Human Rights

Uighur scholars vanish in China amid Beijing's bid to 'extinguish' ethnic identity

Caravanserai and AFP

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This file photo taken on June 2, 2019, shows a facility suspected of being a re-education camp where mostly Muslim ethnic minorities are detained, in Artux, Xinjiang, China. [Greg Baker/AFP]

BEIJING -- It has been almost two years since Bugra Arkin's father, Aierken, was abruptly snatched from his home in the troubled Xinjiang region of China by national security agents.

Aierken Yibulayin's publishing firm -- one of the biggest in the region -- translated thousands of books into Uighur before he was detained in October 2018. Arkin has not heard from him since.

"My father had a strong impact on the Uighur publishing industry, and that made him a target of the Chinese government," said Arkin, who lives in California.

"Our lives were literally destroyed," he said.

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This photo taken on June 4, 2019 shows the Chinese flag behind razor wire at a housing compound in China's western Xinjiang region, a Chinese region straitjacketed by surveillance and mass detentions. [Greg Baker/AFP]

He is not the only one.

At least 435 Uighur intellectuals have been imprisoned or forcibly disappeared since April 2017, according to the Uyghur Human Rights Project.

The rounding up of Uighur linguists, scholars and publishers is seen by overseas advocacy groups as part of a campaign by the Chinese Communist Party to erase the ethnic group's identity and culture and assimilate it into the Mandarin-speaking Han majority.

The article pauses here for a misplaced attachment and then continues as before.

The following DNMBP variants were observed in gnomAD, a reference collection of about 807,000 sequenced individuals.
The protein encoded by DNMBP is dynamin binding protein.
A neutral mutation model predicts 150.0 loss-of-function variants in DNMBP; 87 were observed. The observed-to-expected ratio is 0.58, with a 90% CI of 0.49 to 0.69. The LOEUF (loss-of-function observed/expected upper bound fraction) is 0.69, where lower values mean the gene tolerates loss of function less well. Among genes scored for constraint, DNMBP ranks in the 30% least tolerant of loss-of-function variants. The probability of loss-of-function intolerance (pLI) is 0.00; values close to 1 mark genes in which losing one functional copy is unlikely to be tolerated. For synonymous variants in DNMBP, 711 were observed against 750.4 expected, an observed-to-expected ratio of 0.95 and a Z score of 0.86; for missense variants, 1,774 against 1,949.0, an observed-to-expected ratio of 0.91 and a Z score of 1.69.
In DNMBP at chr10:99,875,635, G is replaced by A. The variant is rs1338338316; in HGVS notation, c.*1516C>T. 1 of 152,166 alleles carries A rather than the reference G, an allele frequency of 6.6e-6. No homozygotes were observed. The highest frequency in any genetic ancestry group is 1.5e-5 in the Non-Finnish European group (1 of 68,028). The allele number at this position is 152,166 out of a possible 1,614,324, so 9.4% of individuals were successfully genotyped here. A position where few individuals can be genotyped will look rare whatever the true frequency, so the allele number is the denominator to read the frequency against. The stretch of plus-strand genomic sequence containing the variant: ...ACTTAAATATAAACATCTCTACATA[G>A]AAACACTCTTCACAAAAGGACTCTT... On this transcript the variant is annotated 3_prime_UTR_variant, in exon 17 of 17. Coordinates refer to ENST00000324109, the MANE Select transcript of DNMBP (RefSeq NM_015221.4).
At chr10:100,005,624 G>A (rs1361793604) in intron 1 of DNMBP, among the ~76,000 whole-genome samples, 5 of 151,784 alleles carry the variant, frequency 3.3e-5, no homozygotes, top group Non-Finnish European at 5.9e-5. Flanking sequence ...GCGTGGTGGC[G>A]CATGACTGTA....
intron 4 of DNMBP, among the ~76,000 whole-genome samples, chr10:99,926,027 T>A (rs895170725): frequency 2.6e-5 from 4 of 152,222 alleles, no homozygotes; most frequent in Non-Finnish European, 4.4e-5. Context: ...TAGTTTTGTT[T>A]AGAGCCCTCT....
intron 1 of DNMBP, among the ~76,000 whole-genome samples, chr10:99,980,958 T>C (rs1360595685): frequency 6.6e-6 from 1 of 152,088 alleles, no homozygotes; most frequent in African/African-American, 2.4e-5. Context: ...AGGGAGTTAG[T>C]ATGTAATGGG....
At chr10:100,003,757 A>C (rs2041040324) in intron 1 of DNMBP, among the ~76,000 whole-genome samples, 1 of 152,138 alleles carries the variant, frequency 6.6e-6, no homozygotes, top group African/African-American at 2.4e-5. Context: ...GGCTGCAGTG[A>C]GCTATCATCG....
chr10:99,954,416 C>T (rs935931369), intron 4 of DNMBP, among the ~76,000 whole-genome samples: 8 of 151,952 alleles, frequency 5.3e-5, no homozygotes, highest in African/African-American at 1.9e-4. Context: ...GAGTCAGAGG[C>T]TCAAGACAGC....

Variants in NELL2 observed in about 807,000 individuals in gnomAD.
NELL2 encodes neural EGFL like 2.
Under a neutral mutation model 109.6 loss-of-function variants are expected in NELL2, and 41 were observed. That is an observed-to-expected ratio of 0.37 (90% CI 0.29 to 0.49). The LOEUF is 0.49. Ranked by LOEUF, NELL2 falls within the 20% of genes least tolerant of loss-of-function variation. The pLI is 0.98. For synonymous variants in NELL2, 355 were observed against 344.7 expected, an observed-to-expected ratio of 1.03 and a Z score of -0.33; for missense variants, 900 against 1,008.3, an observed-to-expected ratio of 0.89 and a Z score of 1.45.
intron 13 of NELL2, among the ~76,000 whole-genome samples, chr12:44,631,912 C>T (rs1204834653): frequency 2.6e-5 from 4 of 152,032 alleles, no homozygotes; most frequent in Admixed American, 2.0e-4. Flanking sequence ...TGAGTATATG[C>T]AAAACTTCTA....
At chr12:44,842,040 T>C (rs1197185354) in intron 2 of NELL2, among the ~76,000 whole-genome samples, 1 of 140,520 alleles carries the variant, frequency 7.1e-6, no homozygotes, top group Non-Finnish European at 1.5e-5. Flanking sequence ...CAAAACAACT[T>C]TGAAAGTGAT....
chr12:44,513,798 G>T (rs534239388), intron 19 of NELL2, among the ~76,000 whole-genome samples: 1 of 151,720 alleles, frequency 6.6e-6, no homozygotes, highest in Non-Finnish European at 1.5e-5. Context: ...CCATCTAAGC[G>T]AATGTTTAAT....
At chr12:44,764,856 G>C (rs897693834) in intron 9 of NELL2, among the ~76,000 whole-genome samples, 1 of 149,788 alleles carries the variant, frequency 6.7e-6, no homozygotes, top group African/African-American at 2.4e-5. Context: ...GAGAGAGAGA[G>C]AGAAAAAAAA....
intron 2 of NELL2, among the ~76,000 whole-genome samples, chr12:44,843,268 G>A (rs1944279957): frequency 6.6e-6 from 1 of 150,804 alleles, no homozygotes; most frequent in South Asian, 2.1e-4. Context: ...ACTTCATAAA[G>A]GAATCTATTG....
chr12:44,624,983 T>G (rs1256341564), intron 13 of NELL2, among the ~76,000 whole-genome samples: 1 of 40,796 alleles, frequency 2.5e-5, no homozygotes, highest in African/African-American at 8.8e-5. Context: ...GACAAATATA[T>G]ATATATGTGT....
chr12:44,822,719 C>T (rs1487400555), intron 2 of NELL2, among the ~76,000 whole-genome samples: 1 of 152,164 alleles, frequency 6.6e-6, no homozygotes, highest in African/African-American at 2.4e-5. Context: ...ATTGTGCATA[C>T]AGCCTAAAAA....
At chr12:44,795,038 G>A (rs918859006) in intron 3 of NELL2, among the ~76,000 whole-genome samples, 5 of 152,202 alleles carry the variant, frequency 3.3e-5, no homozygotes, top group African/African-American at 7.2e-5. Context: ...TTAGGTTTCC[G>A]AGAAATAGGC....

Uighur linguist Alim Hasani was taken by authorities in August 2018 during a Beijing work trip, according to his son Ershat Alim.

His father, a retired division head of the Xinjiang Ethnic Language Work Committee, likely was detained for his research, which aimed to standardise Uighur-Mandarin translations, said Alim.

"When I first heard that my father was arrested, I never once thought that this could happen to him. He must have been very surprised as well," said Alim, who lives in France.

More than 1 million Uighurs and other mostly Muslim Turkic-speaking minorities have been held in re-education camps in Xinjiang following a spate of ethnic violence, according to rights groups.

In a statement, the Chinese Foreign Ministry denied that the government is detaining intellectuals.

"The so-called notion of 'imprisoning Uighur intellectuals to extinguish Uighur culture' is complete rumour-mongering and slander," it said.

Echoes in Kazakhstan, Kyrgyzstan

The suffering of the Uighurs resonates in Kazakhstan and Kyrgyzstan.

Authorities in Xinjiang over the past few years have placed hundreds of thousands of other Chinese Muslims, including ethnic Kazakhs and Kyrgyz, into indoctrination camps.

Ethnic Kazakhs are the second-largest Turkic group in Xinjiang, after the Uighurs. They number at least 1.5 million.